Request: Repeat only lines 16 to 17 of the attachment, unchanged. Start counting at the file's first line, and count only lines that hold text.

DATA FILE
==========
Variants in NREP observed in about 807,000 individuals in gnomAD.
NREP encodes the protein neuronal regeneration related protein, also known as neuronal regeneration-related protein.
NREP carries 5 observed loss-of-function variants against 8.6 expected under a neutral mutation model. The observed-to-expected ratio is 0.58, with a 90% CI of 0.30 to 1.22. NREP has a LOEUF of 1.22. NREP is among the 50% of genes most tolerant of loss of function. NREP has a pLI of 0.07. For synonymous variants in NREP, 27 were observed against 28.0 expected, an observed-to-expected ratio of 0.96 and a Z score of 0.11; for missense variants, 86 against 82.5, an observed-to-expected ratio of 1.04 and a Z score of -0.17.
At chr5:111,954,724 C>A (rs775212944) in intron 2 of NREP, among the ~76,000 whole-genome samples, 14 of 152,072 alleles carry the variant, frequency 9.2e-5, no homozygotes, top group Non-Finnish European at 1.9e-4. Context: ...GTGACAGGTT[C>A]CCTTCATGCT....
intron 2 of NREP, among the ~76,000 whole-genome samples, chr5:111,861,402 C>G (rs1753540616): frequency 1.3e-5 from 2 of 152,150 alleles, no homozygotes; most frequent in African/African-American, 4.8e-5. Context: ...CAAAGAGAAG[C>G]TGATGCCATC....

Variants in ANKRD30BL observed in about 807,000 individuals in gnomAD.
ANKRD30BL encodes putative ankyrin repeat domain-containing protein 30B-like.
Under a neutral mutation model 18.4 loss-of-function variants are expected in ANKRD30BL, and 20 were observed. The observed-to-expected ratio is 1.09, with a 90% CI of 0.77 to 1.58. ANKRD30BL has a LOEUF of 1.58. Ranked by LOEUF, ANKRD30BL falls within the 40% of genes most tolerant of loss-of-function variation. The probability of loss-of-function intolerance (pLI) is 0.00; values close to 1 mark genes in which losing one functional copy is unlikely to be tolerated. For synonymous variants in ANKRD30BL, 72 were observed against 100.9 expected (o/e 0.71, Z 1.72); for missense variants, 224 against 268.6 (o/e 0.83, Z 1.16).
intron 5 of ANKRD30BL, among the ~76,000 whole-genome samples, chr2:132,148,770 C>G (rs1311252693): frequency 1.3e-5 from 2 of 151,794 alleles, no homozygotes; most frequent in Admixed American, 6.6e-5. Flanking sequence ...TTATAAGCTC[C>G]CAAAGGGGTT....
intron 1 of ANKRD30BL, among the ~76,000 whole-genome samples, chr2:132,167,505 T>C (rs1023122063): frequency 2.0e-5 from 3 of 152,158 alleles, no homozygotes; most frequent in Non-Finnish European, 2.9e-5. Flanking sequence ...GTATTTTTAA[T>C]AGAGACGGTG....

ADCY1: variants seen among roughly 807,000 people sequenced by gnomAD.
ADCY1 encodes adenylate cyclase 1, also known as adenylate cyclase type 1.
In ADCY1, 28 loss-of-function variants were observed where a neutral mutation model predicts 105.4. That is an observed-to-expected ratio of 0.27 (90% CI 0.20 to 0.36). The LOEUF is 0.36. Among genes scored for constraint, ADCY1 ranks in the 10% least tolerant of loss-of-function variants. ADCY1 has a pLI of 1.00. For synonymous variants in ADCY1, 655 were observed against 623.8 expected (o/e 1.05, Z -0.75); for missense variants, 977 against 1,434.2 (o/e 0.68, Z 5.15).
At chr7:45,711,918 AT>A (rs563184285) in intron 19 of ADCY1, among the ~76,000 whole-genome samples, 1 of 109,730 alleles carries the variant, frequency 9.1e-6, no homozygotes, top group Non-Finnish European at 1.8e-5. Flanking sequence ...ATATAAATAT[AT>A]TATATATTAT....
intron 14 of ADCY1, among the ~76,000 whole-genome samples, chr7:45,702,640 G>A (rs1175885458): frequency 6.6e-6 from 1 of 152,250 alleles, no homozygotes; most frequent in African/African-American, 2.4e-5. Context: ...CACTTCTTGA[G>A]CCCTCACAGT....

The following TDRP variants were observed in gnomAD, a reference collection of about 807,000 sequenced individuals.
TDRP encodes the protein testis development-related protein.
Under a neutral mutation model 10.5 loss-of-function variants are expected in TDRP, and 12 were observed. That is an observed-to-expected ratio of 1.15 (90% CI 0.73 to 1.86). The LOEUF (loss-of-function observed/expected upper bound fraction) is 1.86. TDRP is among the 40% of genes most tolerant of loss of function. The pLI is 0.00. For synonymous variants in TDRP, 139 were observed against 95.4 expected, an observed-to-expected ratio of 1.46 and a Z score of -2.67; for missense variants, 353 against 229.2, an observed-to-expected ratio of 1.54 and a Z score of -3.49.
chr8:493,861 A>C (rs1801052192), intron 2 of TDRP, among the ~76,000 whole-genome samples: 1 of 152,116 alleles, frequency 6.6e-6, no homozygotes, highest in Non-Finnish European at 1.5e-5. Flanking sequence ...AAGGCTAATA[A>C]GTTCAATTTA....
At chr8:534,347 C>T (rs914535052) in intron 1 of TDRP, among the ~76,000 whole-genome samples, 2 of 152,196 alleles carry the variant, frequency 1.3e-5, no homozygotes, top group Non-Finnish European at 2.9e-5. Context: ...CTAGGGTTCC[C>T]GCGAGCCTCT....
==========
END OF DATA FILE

The following TDRP variants were observed in gnomAD, a reference collection of about 807,000 sequenced individuals.
TDRP encodes the protein testis development-related protein.